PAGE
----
Neuropathology-Independent Association between APOE Genotype and Cognitive Decline Rate in the Normal Aging-Early Alzheimer Continuum

Jing Qian, Yiding Zhang, Rebecca A. Betensky, Bradley T. Hyman, Alberto Serrano-Pozo

Research output: Contribution to journalArticlepeer-review


Background and ObjectivesWe previously found that the APOE genotype affects the rate of cognitive decline in mild-to-moderate Alzheimer disease (AD) dementia independently of its effects on AD neuropathologic changes (ADNC) and copathologies. In this study, we tested the hypothesis that the APOE alleles differentially affect the rate of cognitive decline at the normal aging-early AD continuum and that this association is independent of their effects on classical ADNC and copathologies.MethodsWe analyzed APOE associations with the cognitive trajectories (Clinical Dementia Rating scale Sum of Boxes [CDR-SOB] and Mini-Mental State Examination [MMSE]) of more than 1,000 individuals from a national clinicopathologic sample who had either no, mild (sparse neuritic plaques and the Braak neurofibrillary tangle [NFT] stage I/II), or intermediate (moderate neuritic plaques and the Braak NFT stage III/IV) ADNC levels at autopsy via 2 latent classes reverse-time longitudinal modeling.ResultsCarrying the APOEϵ4 allele was associated with a faster rate of cognitive decline by both CDR-SOB and MMSE relative to APOEϵ3 homozygotes. This association remained statistically significant after adjusting for ADNC severity, comorbid pathologies, and the effects of ADNC on the slope of cognitive decline. Our modeling strategy identified 2 latent classes in which APOEϵ4 carriers declined faster than APOEϵ3 homozygotes, with latent class 1 members representing slow decliners (CDR-SOB: 76.7% of individuals, 0.195 vs 0.146 points/y in APOEϵ4 vs APOEϵ3/ϵ3; MMSE: 88.6% of individuals, -0.303 vs -0.153 points/y in APOEϵ4 vs APOEϵ3/ϵ3), whereas latent class 2 members were fast decliners (CDR-SOB: 23.3% of participants, 1.536 vs 1.487 points/y in APOEϵ4 vs APOEϵ3/ϵ3; MMSE: 11.4% of participants, -2.538 vs -2.387 points/y in APOEϵ4 vs APOEϵ3/ϵ3). Compared with slow decliners, fast decliners were more likely to carry the APOEϵ4 allele, younger at initial visit and death, more impaired at initial and last visits, and more likely to have intermediate (vs none or mild) ADNC levels, as well as concurrent Lewy bodies and hippocampal sclerosis at autopsy.DiscussionIn a large national sample selected to represent the normal aging-early AD continuum, the APOEϵ4 allele is associated with a modest but statistically significant acceleration of the cognitive decline rate even after controlling for its effects on ADNC and comorbid pathologies.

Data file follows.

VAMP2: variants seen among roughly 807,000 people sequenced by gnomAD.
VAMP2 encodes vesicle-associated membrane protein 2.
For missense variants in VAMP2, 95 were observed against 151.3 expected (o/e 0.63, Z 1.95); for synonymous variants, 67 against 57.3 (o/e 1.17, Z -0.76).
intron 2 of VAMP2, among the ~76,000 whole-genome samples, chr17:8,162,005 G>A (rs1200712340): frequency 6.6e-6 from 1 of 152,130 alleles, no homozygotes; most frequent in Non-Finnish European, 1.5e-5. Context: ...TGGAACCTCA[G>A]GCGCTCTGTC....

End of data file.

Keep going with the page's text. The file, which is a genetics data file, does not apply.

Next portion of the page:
Original languageEnglish (US)
Article numbere200055
JournalNeurology: Genetics
Issue number1
StatePublished - Feb 20 2023

ASJC Scopus subject areas

  • Clinical Neurology
  • Genetics(clinical)


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